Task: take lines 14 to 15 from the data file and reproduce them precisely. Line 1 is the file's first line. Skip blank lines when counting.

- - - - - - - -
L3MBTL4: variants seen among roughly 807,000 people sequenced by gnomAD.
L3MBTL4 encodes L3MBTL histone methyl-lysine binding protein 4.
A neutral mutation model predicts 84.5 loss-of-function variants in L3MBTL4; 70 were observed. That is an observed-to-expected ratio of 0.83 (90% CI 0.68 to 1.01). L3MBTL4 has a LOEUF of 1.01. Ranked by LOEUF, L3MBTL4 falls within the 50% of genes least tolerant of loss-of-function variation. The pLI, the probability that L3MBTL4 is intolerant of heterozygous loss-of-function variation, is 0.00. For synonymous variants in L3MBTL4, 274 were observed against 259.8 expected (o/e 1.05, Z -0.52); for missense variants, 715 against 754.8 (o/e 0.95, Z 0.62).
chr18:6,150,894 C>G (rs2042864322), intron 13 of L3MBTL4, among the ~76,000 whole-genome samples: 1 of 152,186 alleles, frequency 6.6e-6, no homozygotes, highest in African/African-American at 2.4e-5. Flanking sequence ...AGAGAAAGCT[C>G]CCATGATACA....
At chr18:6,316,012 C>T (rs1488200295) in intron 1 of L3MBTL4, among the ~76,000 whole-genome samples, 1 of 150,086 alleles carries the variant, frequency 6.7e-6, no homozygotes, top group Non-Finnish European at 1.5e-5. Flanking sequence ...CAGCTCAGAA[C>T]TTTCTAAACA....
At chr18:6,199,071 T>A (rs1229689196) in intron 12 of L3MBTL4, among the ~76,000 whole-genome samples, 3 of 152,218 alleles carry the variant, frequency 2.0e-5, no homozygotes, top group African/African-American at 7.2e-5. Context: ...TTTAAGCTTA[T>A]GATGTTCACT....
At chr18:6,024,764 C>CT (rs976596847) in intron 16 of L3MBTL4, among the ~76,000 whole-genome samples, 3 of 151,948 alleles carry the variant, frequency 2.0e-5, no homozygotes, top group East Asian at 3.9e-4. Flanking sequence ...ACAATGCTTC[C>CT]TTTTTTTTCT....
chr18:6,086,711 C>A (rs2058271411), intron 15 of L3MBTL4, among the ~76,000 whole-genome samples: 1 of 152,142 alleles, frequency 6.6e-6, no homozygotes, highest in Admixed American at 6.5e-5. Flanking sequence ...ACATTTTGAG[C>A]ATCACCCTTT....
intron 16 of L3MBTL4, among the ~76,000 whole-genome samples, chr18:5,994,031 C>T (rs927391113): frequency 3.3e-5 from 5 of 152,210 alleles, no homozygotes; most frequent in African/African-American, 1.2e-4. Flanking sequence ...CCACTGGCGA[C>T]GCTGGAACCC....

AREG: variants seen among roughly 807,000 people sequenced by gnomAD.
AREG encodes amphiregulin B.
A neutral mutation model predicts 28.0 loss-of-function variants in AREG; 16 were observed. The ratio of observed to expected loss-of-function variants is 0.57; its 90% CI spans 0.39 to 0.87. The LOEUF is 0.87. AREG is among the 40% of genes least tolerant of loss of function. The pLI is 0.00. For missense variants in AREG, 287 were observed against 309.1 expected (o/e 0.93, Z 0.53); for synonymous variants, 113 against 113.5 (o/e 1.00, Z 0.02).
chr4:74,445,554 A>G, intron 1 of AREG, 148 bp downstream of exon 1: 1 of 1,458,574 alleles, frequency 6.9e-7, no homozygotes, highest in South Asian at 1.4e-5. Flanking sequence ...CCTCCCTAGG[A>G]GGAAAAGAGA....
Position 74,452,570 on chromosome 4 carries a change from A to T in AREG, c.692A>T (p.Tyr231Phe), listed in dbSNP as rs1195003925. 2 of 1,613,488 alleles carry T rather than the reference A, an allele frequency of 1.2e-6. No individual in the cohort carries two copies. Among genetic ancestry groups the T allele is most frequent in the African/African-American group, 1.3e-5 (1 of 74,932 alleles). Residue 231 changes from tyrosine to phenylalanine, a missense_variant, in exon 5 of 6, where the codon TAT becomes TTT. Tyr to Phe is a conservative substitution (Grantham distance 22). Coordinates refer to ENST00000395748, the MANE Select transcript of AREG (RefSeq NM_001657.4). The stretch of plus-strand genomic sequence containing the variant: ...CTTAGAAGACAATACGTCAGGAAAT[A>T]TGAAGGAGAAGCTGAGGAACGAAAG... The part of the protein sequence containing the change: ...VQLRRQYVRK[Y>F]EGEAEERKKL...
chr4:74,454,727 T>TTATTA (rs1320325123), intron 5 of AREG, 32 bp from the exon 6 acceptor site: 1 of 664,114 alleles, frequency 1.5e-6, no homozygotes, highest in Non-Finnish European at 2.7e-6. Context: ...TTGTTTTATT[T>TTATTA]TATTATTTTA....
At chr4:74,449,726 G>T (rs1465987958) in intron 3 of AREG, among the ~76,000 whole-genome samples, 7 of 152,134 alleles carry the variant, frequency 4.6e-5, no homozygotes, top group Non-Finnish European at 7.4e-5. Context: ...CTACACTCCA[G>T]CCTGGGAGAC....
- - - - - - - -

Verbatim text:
Position 74,452,570 on chromosome 4 carries a change from A to T in AREG, c.692A>T (p.Tyr231Phe), listed in dbSNP as rs1195003925. 2 of 1,613,488 alleles carry T rather than the reference A, an allele frequency of 1.2e-6. No individual in the cohort carries two copies. Among genetic ancestry groups the T allele is most frequent in the African/African-American group, 1.3e-5 (1 of 74,932 alleles). Residue 231 changes from tyrosine to phenylalanine, a missense_variant, in exon 5 of 6, where the codon TAT becomes TTT. Tyr to Phe is a conservative substitution (Grantham distance 22). Coordinates refer to ENST00000395748, the MANE Select transcript of AREG (RefSeq NM_001657.4). The stretch of plus-strand genomic sequence containing the variant: ...CTTAGAAGACAATACGTCAGGAAAT[A>T]TGAAGGAGAAGCTGAGGAACGAAAG... The part of the protein sequence containing the change: ...VQLRRQYVRK[Y>F]EGEAEERKKL...
chr4:74,454,727 T>TTATTA (rs1320325123), intron 5 of AREG, 32 bp from the exon 6 acceptor site: 1 of 664,114 alleles, frequency 1.5e-6, no homozygotes, highest in Non-Finnish European at 2.7e-6. Context: ...TTGTTTTATT[T>TTATTA]TATTATTTTA....